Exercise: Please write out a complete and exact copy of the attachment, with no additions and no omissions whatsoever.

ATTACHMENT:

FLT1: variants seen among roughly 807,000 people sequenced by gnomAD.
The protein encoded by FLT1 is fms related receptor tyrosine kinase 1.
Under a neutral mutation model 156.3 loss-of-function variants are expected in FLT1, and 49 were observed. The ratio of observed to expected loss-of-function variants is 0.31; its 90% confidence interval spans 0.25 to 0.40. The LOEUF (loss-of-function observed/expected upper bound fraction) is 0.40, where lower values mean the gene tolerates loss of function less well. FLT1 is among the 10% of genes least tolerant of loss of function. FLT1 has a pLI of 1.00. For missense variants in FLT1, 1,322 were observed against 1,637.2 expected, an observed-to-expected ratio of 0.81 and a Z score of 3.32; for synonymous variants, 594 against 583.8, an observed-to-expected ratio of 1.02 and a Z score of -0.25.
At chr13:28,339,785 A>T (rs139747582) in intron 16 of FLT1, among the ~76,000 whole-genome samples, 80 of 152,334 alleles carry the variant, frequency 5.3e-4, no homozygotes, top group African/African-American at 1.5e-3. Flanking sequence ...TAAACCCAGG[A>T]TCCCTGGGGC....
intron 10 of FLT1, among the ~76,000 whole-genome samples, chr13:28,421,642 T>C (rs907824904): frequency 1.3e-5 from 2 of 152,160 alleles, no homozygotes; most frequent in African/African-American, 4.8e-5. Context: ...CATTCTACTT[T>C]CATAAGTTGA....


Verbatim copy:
FLT1: variants seen among roughly 807,000 people sequenced by gnomAD.
The protein encoded by FLT1 is fms related receptor tyrosine kinase 1.
Under a neutral mutation model 156.3 loss-of-function variants are expected in FLT1, and 49 were observed. The ratio of observed to expected loss-of-function variants is 0.31; its 90% confidence interval spans 0.25 to 0.40. The LOEUF (loss-of-function observed/expected upper bound fraction) is 0.40, where lower values mean the gene tolerates loss of function less well. FLT1 is among the 10% of genes least tolerant of loss of function. FLT1 has a pLI of 1.00. For missense variants in FLT1, 1,322 were observed against 1,637.2 expected, an observed-to-expected ratio of 0.81 and a Z score of 3.32; for synonymous variants, 594 against 583.8, an observed-to-expected ratio of 1.02 and a Z score of -0.25.
At chr13:28,339,785 A>T (rs139747582) in intron 16 of FLT1, among the ~76,000 whole-genome samples, 80 of 152,334 alleles carry the variant, frequency 5.3e-4, no homozygotes, top group African/African-American at 1.5e-3. Flanking sequence ...TAAACCCAGG[A>T]TCCCTGGGGC....
intron 10 of FLT1, among the ~76,000 whole-genome samples, chr13:28,421,642 T>C (rs907824904): frequency 1.3e-5 from 2 of 152,160 alleles, no homozygotes; most frequent in African/African-American, 4.8e-5. Context: ...CATTCTACTT[T>C]CATAAGTTGA....